The second episode of startup comedy Silicon Valley ventured into familiar territory for entrepreneurs: the terrifying first moments of starting a company.
In this episode, the marble-mouthed protagonist, programmer Richard, has just accepted a $200,000 investment from a Peter Thiel-esque VC named Gregory. After a rather distasteful opening scene with a stripper (let's not get into gender politics here), the show follows Richard trying to figure out just what the heck starting a company is all about.
In his first meeting with Gregory, Richard mutters his way through not having a business plan, go-to market strategy, P&L statement, or company vision for his startup, Pied Piper. Finally, Richard says: "When you said you'd offer guidance, I thought this is the stuff that you'd guide us through."
"I cannot guide you if I have nothing to guide," responds Gregory, quietly enraged.
And there's the rub. When Richard actually starts putting the pieces of the puzzle together, he finds himself in front of one of the biggest challenges that define the life of the entrepreneur: tough decisions.
To make these choices, Richard's oafish mentor Erlich keeps pushing him to "be an asshole." His logic: All the greats were assholes, and if you aren't an asshole, everyone is going to walk all over you.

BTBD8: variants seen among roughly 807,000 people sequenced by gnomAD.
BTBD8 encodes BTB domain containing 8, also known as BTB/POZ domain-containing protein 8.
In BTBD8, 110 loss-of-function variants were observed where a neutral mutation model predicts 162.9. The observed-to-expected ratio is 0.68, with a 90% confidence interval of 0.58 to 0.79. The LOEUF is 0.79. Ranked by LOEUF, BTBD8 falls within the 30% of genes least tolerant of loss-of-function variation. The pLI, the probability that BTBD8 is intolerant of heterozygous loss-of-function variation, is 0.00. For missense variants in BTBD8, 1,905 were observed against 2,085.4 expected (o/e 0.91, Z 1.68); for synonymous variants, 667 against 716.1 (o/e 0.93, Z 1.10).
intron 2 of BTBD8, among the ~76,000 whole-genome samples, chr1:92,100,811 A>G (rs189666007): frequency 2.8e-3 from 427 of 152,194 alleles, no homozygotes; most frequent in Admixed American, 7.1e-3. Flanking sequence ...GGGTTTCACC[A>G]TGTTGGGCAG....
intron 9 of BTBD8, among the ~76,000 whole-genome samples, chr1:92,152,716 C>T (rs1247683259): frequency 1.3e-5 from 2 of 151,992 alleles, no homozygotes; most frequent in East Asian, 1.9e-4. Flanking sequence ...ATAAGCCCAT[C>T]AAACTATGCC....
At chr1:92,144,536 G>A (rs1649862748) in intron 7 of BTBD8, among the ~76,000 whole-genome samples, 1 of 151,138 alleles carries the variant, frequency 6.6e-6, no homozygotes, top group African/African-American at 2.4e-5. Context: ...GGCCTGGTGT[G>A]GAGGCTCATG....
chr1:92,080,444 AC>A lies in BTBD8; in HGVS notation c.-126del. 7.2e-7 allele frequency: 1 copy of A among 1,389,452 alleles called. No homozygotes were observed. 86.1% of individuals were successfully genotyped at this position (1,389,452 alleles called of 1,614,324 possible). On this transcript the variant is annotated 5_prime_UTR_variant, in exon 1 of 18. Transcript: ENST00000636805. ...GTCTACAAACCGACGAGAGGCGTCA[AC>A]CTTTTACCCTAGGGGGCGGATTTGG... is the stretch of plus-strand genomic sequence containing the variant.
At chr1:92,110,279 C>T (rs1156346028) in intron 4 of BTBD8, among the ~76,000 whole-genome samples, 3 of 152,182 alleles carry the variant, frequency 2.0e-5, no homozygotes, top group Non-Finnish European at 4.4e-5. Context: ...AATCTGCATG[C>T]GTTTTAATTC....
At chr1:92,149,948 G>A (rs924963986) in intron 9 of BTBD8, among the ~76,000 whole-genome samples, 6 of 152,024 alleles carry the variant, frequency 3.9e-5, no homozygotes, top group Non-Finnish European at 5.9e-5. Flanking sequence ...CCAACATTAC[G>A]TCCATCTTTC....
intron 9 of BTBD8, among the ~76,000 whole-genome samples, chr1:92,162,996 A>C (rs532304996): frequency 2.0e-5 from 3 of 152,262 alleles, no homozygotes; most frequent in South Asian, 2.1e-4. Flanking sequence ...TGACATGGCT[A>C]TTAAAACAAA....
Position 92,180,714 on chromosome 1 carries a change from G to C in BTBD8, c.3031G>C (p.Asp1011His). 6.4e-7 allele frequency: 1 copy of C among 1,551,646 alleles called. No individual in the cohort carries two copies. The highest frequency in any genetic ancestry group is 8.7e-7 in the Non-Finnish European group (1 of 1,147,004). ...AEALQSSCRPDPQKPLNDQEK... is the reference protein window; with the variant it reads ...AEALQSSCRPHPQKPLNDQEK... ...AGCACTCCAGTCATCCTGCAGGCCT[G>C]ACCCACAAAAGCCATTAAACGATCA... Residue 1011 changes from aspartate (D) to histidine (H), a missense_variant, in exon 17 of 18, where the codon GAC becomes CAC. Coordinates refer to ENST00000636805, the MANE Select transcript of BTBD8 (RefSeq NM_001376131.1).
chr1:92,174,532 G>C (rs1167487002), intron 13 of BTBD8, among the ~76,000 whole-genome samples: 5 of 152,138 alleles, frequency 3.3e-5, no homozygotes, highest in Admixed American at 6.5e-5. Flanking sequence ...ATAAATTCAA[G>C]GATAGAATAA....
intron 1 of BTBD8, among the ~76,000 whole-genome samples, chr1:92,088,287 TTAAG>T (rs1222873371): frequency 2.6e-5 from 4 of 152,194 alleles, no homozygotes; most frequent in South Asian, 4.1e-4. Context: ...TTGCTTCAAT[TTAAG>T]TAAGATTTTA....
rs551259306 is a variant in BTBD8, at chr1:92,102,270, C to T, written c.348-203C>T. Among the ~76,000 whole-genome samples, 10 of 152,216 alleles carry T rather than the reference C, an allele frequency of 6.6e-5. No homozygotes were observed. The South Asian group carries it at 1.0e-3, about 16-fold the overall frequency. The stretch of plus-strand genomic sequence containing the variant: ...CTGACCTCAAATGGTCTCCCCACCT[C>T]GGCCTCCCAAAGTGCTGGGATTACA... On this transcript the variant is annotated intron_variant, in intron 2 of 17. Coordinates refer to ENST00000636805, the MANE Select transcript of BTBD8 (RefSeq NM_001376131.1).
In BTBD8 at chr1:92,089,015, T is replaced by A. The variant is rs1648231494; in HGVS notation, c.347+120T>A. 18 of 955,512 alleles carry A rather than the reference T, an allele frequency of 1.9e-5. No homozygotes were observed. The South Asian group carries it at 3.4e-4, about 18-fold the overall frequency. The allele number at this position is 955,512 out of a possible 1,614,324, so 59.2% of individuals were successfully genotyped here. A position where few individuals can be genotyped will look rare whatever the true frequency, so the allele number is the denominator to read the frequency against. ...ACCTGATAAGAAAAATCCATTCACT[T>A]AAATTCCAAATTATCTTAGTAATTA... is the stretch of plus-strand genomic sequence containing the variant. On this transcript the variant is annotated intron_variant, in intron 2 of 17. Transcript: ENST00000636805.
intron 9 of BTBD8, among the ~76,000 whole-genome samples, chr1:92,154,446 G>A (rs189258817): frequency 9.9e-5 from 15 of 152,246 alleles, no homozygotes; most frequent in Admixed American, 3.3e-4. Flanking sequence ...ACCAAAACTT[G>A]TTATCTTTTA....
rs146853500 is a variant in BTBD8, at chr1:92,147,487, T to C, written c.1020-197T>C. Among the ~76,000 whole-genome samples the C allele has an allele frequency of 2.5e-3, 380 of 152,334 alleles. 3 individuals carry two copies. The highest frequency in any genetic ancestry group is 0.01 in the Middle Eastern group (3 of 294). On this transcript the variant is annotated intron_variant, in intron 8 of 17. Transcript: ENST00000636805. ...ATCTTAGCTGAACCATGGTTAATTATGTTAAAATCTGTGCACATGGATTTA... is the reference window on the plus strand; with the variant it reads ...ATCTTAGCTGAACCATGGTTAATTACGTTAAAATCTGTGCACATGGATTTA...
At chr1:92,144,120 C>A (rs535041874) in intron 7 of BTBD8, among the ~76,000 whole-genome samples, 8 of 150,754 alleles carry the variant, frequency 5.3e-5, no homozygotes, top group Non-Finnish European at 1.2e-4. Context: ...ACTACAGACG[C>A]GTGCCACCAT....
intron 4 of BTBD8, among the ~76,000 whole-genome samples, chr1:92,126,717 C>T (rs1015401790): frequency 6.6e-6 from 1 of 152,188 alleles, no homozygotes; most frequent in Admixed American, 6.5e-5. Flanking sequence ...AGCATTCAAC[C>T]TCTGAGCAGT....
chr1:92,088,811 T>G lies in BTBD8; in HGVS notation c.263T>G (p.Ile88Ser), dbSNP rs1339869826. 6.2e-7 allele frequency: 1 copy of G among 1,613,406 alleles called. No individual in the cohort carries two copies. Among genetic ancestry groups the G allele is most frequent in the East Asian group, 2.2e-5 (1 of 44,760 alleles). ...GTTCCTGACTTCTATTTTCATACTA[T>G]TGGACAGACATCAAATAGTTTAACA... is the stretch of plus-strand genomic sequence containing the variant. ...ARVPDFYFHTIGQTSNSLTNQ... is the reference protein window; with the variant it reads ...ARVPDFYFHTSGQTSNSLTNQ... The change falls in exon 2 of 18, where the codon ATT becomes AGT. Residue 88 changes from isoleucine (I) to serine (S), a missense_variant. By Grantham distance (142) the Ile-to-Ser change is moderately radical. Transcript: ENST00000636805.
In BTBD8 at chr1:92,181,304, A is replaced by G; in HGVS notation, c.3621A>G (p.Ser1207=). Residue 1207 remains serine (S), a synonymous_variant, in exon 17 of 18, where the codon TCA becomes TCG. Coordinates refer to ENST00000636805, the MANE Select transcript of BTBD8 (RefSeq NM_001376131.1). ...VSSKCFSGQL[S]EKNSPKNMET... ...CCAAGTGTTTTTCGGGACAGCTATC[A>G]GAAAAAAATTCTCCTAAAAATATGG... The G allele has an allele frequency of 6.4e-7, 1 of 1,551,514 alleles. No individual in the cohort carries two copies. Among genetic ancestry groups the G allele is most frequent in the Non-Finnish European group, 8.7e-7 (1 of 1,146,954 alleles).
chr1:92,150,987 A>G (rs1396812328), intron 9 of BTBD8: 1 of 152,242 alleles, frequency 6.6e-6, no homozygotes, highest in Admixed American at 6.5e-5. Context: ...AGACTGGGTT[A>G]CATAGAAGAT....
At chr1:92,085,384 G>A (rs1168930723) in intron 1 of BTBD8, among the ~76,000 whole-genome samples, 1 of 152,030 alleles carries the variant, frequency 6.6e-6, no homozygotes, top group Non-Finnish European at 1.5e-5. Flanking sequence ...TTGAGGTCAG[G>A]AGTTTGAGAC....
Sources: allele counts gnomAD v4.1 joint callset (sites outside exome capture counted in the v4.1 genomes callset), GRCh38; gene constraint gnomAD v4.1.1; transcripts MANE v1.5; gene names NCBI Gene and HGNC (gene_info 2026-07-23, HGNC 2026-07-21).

Elrich has a point. For example, when Erlich refuses to help Richard come up with a business plan (what an a-hole!), Richard asks business dev guru Jared for help. As the two are reviewing the team of coders that will make up Pied Piper, it becomes glaringly obvious that Richard's best friend, Bighead, is absolutely not crucial to getting the company off the ground.
This is when the "asshole" theme comes to a head. Richard is faced with doing the smart thing--being a jerk to his BFF and firing him--or the dumb thing and keeping the mediocre Bighead, a move that will anger the legitimately talented coders at the company.
The point in this episode, for me, was that as a founder, you are going to be an asshole. It's unavoidable. Your job is to just figure out what kind of an asshole you're going to be.
How'd it end? Well, after making a big soapbox stand in front of the company to explain that Bighead is staying, Richard learns that, in fact, Bighead is jumping ship: another startup poached him for $600,000.
When Richard finally gets the check for $200,000 he goes to the bank to deposit it but can't--because it's made out to the company, which he hasn't even created in the eyes of the IRS. (This actually happened to Larry and Sergey when they got their first check for Google).
So yeah, starting a company isn't easy, and can turn just about anyone into a big, bad asshole.